Reflection on Osteopathy and Evidence Based Practice

Reflection on Osteopathy and Evidence Based Practice

There are so many ways to be wrong.

For scientifically educated readers, the level of this blog may be a bit too elementary, but I will give it here, because there is still a large group of people who still don't seem to understand why an accurate scientific methodology is so important when testing the reliability of statements, tests and treatments.
All people, both you and I are susceptible to deception and self-deception.
Science is the only way to adjust our false perceptions and all too quick conclusions, and to make sure we don't deceive ourselves.

Some people say ‘the treatment worked’ but they don’t realize that their personal experience is no basis for proof that the treatment indeed is or was effective.
All they can claim is that they have noticed an improvement after the treatment. This may indicate a real effect, but it may also be an inaccurate observation or a post hoc ergo propter hoc fallacy reasoning, incorrectly assuming that succession in time necessarily indicates a causal link.

A personal experience can therefore only be a starting point: we need the scientific method to determine what the observation actually means.
Some say: ‘People who defend a scientific and evidence-based osteopathy do not seem to have confidence in what they see happening to their own eyes.’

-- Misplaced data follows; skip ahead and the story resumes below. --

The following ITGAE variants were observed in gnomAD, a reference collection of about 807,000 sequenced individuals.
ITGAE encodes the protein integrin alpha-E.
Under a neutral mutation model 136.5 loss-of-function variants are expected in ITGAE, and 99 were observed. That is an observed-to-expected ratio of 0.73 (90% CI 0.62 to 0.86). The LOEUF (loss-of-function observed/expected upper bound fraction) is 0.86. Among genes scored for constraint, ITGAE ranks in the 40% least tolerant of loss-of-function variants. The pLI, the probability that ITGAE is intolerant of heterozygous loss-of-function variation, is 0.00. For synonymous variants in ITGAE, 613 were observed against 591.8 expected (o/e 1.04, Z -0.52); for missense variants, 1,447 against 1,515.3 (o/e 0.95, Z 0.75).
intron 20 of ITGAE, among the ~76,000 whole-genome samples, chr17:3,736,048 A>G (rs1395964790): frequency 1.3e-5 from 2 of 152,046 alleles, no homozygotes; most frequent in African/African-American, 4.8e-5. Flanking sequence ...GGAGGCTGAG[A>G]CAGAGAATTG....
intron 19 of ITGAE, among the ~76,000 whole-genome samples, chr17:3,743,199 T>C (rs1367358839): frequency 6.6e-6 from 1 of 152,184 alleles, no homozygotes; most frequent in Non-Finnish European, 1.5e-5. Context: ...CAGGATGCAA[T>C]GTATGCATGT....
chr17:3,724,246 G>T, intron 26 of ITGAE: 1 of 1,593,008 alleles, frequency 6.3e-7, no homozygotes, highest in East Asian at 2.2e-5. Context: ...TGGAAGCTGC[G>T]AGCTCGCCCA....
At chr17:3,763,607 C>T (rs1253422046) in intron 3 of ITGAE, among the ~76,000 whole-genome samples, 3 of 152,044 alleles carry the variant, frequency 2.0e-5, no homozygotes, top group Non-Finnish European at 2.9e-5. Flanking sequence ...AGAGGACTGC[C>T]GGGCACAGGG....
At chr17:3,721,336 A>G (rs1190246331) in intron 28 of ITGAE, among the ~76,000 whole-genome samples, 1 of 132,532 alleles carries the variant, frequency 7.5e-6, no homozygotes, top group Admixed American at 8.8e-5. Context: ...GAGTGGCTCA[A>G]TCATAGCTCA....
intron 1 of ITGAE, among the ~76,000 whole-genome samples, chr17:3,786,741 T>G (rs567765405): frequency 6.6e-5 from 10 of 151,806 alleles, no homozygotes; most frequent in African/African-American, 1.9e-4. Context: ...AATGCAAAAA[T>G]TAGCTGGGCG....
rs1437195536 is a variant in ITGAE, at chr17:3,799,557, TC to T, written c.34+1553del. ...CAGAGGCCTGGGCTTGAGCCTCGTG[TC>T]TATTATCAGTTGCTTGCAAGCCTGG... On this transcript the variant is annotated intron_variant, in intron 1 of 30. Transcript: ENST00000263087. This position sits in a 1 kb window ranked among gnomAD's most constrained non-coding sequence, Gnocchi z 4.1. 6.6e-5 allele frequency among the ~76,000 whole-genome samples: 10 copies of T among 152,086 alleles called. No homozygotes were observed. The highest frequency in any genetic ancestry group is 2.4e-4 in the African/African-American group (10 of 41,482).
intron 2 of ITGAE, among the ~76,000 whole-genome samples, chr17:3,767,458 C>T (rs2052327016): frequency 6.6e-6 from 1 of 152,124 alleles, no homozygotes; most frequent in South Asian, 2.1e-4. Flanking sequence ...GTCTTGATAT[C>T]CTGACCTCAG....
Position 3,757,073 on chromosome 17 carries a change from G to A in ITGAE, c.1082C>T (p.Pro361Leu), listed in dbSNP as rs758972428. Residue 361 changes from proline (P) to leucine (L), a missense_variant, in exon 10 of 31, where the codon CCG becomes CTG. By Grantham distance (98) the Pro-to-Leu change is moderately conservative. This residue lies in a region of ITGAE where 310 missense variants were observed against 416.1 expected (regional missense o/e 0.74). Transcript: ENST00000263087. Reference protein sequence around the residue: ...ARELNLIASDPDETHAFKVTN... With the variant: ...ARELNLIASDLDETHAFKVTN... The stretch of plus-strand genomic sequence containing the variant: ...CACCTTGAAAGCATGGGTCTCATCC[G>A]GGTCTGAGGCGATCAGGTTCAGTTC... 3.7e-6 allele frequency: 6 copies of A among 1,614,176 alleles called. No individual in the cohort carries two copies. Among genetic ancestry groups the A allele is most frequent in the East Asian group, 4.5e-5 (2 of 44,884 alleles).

The whole process of seeing is in itself largely an interpretation of the brain. We have two blind spots in our field of vision, and we are not even aware of them. I saw with my own eyes how a magician sawed a woman in two, but it was an illusion, a false perception. I saw how a patient got better after treatment, but my interpretation that the treatment was the cause of this improvement can be a mistake, based on a wrong attribution.

Why do we often have the impression that some treatments work: some possibilities:
• The affection just followed its normal course and lots of affections heal spontaneously.
• Many diseases and syndromes have a cyclic pattern whereby there are better and worse periods.
• We are all subject to suggestions.
• Maybe there was also another treatment, maybe medication?
• The original diagnosis could have been wrong.
• Temporary mood improvement is often mistaken for healing.
• Correlation and causality are often misinterpreted.
• It is not because an effect in time follows a certain action, that that action is necessarily also the cause of the effect. When the rooster crows and the sun rises, we usually realize that it is not the roosters that make the sun rise.

There are so many ways to be wrong.

Fortunately, there is also a way in which we can ultimately get it right: scientific research. There is nothing mysterious or complex about the scientific method. In essence, it is just a handy toolbox full of sensible ways to test things.

Therefore: Osteopaths with an academic and scientific background are more reliable than others.

Luc Peeters, MSc.Ost.

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